Plaintiff that Plaintiff should have deported a Middle
Eastern student who missed more than one class. However,
GoldbergBelle was not concerned when two Chinese students
were gone for almost an entire semester or when a Vietnamese
student took a placement test in the summer of 2015 and then
disappeared until the fall semester.
the first session in the fall of 2015, Plaintiff reported to
Defendants GoldbergBelle and Moranski insubordination by Sue
Alexander, an adjunct professor. Sue Alexander told
Plaintiff she was reporting absences to GoldbergBelle and not
to Plaintiff because it was a matter of “Homeland
Security” and “it was the American Way.”
October 2015, GoldbergBelle's Business Administrative
Assistant, Hughes, opened mail addressed to Plaintiff without
his permission. Hughes took tuition checks and did not notify
Plaintiff so that he could balance the student accounts.
fall of 2015, Plaintiff met with Defendant Moranski and
reported that GoldbergBelle was not following established
procedures under the CEA guidelines. Plaintiff also
complained that he was being marginalized by GoldbergBelle,
who had created a hostile environment and made it difficult
for Plaintiff to do his job. Plaintiff reported that Hughes
would not allow Plaintiff to purchase routine items for the
IEP department unless approved by GoldbergBelle. Moreover,
Plaintiff was kept “out of the information loop.”
Sec. Am. Compl. ¶ 43.
learned of complaints that Middle Eastern/Arab Muslim
students made to Tanner against adjunct professors Rebecca
Damery (Damery) and Sue Alexander, alleging disparate
treatment, including: (1) Damery's refusal to allow a
Middle Eastern/Arab Muslim student to attend her class, even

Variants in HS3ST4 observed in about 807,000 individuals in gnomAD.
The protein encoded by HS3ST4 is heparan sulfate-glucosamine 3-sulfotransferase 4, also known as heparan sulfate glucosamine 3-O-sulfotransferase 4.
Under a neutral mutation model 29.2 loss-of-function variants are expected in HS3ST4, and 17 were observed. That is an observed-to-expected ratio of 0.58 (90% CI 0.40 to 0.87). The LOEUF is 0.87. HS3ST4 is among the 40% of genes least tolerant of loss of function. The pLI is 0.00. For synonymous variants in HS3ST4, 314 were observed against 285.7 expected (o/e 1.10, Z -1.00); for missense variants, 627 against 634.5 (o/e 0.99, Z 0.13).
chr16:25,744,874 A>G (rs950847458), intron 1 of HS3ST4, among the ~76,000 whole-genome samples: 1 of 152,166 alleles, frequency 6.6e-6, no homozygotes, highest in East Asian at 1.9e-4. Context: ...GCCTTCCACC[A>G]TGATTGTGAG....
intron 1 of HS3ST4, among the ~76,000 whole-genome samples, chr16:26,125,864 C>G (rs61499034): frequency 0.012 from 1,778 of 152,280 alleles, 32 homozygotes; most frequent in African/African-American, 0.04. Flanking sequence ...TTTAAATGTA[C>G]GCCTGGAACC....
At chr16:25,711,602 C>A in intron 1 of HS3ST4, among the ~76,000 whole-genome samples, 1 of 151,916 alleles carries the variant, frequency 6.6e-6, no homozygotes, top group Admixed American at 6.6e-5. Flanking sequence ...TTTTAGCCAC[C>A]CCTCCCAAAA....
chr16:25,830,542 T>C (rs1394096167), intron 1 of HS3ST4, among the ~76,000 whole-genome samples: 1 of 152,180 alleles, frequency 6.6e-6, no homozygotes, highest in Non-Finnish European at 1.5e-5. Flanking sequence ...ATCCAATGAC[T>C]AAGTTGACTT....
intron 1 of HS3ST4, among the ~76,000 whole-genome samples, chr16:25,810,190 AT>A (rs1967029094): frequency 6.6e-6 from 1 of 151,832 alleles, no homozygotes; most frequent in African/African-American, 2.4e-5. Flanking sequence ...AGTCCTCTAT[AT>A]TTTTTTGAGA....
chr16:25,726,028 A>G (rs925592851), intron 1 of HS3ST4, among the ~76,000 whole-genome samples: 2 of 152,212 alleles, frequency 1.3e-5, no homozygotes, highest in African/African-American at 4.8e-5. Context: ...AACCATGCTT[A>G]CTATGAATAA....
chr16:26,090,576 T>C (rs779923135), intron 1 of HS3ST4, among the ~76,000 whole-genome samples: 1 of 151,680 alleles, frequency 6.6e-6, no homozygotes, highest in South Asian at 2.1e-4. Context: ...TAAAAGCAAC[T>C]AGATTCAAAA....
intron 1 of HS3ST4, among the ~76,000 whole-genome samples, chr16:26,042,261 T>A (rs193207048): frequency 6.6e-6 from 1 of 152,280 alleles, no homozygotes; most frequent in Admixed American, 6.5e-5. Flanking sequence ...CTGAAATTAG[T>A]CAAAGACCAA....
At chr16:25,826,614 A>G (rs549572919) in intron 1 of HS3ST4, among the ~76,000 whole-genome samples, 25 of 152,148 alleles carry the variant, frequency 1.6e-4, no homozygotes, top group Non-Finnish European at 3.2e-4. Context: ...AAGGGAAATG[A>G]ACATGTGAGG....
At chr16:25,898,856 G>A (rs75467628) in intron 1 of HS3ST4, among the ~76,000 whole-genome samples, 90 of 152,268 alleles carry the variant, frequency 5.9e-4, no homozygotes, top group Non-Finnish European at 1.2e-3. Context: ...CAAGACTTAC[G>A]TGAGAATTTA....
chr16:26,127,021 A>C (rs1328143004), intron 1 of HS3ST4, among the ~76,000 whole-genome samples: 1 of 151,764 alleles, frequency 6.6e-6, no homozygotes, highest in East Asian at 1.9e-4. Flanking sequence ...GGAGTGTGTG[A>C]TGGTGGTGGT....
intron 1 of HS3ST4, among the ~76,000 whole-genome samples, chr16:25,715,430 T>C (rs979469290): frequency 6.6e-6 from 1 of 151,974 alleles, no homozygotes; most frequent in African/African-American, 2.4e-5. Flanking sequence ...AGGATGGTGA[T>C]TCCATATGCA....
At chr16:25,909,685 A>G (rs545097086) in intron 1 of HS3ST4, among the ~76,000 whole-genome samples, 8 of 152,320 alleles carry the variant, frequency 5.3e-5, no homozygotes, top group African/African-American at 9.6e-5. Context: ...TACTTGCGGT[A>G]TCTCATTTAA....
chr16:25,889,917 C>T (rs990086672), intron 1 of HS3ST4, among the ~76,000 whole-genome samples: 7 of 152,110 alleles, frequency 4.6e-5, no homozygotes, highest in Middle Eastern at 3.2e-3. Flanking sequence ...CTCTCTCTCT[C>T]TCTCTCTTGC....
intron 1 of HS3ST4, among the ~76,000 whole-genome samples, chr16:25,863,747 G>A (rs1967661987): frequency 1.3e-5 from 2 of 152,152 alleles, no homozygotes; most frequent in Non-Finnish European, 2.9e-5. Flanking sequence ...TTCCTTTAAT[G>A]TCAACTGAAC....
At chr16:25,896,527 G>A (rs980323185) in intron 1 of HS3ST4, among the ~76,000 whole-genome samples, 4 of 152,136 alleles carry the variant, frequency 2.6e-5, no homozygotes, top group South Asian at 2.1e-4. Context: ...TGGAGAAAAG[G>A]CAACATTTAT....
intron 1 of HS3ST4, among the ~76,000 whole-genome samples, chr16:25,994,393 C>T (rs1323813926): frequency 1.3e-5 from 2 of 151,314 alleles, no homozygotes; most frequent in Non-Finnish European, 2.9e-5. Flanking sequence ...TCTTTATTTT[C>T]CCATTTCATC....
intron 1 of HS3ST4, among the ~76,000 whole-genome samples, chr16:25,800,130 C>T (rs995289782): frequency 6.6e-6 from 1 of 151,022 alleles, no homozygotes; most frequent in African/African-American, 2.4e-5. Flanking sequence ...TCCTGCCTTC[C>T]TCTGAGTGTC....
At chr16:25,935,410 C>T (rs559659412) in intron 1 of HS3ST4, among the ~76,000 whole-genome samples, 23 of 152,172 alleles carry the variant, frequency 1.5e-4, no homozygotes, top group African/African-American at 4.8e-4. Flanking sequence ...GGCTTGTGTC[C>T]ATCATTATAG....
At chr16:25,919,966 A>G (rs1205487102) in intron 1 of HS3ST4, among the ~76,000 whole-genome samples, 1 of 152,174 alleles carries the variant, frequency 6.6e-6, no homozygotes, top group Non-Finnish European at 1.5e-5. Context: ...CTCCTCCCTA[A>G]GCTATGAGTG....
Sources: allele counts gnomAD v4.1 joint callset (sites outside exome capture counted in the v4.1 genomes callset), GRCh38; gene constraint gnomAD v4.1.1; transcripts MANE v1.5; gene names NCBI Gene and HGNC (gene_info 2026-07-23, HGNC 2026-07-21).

though he was on the class roster, and ordering him to obtain
a note from the IEP office to verify that he was correctly
placed her in class, even though she knew there was no staff
in the office available to provide him with such a note; and
(2) disparity between the grades and progression reports
received by two Middle Eastern/Arab Muslim students and a
female Vietnamese student in Sue Alexander's class.
November 25, 2015, during a bi-weekly meeting, Plaintiff
reported students' complaints of discrimination to
Defendants Moranski and GoldbergBelle. Plaintiff also raised
concerns about the inexperience of the present IEP faculty in
teaching CEA accredited programs. Plaintiff believed that
Moranski and GoldbergBelle agreed to hire three new CEA
experienced facility for spring of 2016 and that the adjunct
professors' hours would be reduced. Plaintiff was
ultimately informed, however, that it was too late to hire
asked Plaintiff to prepare a schedule for spring of 2016.
Plaintiff submitted for approval a preliminary class schedule
that did not include Sue Alexander and Damery. On December
23, 2015, Plaintiff was informed that Moranski decided to
give Sue Alexander and Damery one course each. That schedule
was amended to give Sue Alexander and Damery one course each.
January 4, 2016, Plaintiff met with the Provost, Lynn Pardie,
and reported in detail the discrimination faced by the Middle
Eastern/Arab Muslim students and by himself in the IEP
Department. He complained about the hostility, suspicion, and
harassment perpetuated by Defendant GoldbergBelle and his
staff, as well as the insubordination of the adjuncts, Sue
Alexander and Damery. He reported that all of this made it
difficult for him to perform his duties.
January 6, 2016, Plaintiff was advised by Defendant Laura
Alexander, Senior Director of Human Resources, that Sue
Alexander and Damery had complained because their hours had
been reduced for the spring semester in retaliation.
Defendant Laura Alexander wanted to meet with Plaintiff.
GoldbergBelle told Plaintiff not to respond to or contact
Laura Alexander until he, GoldbergBelle, had a chance to
discuss it with his supervisor, Moranski. Moranski also
instructed Plaintiff to follow GoldbergBelle's advice.
January 19, 2016, Defendant Donna McNeely, Executive Director
of the Ethics and Compliance Office, contacted Plaintiff to
schedule a meeting to address concerns with the IEP. On
January 25, 2016, Plaintiff met with McNeely and Traci Roth,